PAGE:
Creating Inner Peace

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A lot of people, these days, are under stress. This may be for a variety of reasons from unemployment to juggling childcare and work. Our lives have become busier with the advent of new technology. Some of the gadgets that were invented to make our lives easier, such as mobile phones, have actually made our lives more stressful. How many of you can actually say that you take time to switch off and relax? If you are like the majority of the population, you probably check texts and emails on your mobile phone at least once every hour.

You may not even realise that you have a problem. Perhaps you are on the treadmill of life and have become comfortable in you routine. Perhaps you pour yourself a glass of wine when you get home from work each night to relax. This is not healthy, either, and is just a substitute for the inner peace you are subconsciously trying to achieve. You won’t achieve inner peace by drinking alcohol; it may help to relax you, at first, but when it becomes a habit, it can lead to all sorts of problems. Research has shown that people with highly stressful jobs are more likely to become dependent on alcohol.

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Dealing With Stress

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Stress is becoming increasingly common these days. This isn’t surprising when you think about all the changes going on in the world. Due to the economic meltdown, a lot of people are worried about losing their jobs, or wondering where their next meal is coming from. Food banks have been set up to help some of the poorest people, but there are others suffering from stress and anxiety who don’t know who to turn to.

Stress is a very debilitating illness. It is something that can be prevented, yet so many people let it get out of hand and this leads to physical illnesses manifesting. At its worst, stress can lead to depression. Depression is a clinical disease, which doctors prefer to treat by referring patients to counsellors; however, a lot of people prefer to take medication. This can lead to dependency. There are some types of depression that are hereditary, or are not caused by stress; however, there are incidences of depression that are a result of a build up of acute stress and anxiety. It is this type of depression that can be reversed using some stress-reduction strategies.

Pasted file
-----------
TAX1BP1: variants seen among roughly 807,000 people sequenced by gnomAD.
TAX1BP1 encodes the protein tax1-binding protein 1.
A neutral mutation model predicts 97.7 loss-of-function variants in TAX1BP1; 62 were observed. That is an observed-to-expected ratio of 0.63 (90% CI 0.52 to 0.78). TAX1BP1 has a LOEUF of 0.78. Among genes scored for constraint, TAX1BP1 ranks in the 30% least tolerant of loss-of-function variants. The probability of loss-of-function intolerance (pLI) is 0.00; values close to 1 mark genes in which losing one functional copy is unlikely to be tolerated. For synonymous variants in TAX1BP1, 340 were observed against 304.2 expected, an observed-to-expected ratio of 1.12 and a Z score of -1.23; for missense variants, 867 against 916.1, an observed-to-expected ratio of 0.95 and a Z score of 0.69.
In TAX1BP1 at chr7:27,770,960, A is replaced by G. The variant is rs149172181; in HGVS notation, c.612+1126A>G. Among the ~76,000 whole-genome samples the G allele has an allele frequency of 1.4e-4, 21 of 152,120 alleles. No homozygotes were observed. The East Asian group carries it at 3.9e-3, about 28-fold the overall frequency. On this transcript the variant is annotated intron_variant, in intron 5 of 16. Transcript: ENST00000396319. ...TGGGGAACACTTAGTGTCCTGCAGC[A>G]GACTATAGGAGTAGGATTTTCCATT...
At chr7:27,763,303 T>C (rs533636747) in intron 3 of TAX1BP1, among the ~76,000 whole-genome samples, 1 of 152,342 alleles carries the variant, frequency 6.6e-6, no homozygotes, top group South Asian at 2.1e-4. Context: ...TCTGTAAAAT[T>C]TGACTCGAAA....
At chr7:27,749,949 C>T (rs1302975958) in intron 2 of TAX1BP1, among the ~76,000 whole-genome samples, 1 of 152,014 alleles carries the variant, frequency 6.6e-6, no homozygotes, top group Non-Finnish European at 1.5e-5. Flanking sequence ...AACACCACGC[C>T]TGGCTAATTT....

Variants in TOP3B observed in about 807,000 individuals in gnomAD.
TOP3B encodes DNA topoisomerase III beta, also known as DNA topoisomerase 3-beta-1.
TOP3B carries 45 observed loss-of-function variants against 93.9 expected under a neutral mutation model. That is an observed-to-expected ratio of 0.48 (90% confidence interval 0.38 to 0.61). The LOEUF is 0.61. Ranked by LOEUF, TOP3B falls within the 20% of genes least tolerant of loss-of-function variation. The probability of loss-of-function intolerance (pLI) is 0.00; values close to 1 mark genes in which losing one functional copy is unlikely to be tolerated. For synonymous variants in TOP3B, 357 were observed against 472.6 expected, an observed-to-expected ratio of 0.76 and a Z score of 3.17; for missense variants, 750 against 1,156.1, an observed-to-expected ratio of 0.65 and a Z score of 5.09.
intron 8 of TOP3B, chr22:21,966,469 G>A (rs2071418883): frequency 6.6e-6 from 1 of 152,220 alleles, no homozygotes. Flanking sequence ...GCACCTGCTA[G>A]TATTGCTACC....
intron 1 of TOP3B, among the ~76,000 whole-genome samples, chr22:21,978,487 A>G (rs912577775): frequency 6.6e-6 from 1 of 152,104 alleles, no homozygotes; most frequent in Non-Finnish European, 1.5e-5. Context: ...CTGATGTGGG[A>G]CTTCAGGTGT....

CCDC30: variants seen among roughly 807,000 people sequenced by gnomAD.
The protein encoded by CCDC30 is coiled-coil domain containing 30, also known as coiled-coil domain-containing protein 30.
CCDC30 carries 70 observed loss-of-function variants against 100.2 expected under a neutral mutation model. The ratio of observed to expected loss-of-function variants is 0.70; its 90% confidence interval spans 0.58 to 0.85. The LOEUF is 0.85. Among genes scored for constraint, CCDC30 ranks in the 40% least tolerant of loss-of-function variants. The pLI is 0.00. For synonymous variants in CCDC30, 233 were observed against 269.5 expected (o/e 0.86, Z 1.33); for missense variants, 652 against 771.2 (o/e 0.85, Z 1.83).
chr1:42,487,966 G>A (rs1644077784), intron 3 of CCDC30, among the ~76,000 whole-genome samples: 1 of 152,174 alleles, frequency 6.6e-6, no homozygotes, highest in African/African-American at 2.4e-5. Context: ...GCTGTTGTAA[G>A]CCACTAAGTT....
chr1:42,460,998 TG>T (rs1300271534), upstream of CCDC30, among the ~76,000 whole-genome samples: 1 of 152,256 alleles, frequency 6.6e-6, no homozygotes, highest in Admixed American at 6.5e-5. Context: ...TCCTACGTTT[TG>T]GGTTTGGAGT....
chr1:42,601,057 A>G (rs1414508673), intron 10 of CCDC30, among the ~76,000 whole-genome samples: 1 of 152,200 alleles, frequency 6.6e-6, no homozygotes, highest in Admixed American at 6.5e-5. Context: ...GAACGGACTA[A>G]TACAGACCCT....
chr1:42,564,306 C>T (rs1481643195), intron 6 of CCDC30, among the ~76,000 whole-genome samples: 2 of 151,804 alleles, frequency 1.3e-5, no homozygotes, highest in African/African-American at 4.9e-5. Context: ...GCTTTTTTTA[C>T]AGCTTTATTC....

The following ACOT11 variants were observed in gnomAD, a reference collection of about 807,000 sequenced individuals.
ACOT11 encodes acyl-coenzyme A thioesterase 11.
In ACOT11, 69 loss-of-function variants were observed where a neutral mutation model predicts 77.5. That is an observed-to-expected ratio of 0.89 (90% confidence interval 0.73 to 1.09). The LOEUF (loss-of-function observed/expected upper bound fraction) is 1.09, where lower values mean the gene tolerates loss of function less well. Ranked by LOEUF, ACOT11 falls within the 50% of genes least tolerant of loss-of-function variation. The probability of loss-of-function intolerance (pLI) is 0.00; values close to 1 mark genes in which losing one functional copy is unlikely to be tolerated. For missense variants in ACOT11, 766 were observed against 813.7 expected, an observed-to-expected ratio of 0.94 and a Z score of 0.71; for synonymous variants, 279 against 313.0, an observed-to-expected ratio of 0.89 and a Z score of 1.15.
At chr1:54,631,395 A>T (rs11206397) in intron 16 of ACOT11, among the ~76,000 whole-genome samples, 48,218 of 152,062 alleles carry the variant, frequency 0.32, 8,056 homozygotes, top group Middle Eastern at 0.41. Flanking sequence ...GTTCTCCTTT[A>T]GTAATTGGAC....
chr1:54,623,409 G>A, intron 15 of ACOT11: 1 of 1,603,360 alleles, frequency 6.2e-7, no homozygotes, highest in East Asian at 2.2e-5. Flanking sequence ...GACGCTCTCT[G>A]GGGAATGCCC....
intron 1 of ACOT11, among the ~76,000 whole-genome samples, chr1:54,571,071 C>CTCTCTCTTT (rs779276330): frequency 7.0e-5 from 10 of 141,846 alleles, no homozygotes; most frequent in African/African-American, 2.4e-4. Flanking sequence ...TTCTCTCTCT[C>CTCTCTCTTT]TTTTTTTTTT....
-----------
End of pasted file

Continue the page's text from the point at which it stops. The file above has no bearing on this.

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The Enemy Within

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The word enemy, conjures up a picture in the mind; of an adversary, protagonist or foe who means to do us harm. Or, it is someone to whom we hold feelings of great dislike and animosity towards. When someone thinks about what the word ‘enemy’ means to them; most people would associate it with another person or persons, in their environment. Someone exterior to themselves. Just for a moment, I would like you to think about the enemy within!

What, or who is the enemy within I hear you cry! I believe, that the enemy within is that small persistent, insidious voice that fills your head all day long with thoughts of self doubt; the one who tells you that you are not good enough, pretty enough, clever enough to succeed in your goals and aspirations. The enemy within, is ‘that’ inner voice, people listen to, which causes them to self sabotage themselves before they have even begun. Be it in their personal relationships, work environment or desire to self improve through further education or going for that job promotion at work. Excessive self-criticism tends to backfire, because it leads us to focus on our so-called failures instead of the small ways that we could have improved.

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How To Worry Less

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In these modern times it is easy to worry about all kinds of things, from juggling work and childcare to whether or not you can afford to put food on the table. I know it is hard for many people but, if you can learn to worry less, you will find that your life becomes a lot easier.

 

A lot of worry is based on fear. Some people say that fear stands for False Expectations Appearing Real. This is true, to a certain extent. When we worry it is usually because we fear the worst. We play the dreaded scenarios over and over inside our heads until we feel physically sick with dread and anxiety. Nine times out of ten, the situation never materialises. It is true that the act of worrying is much worse than the situation you were worried about.

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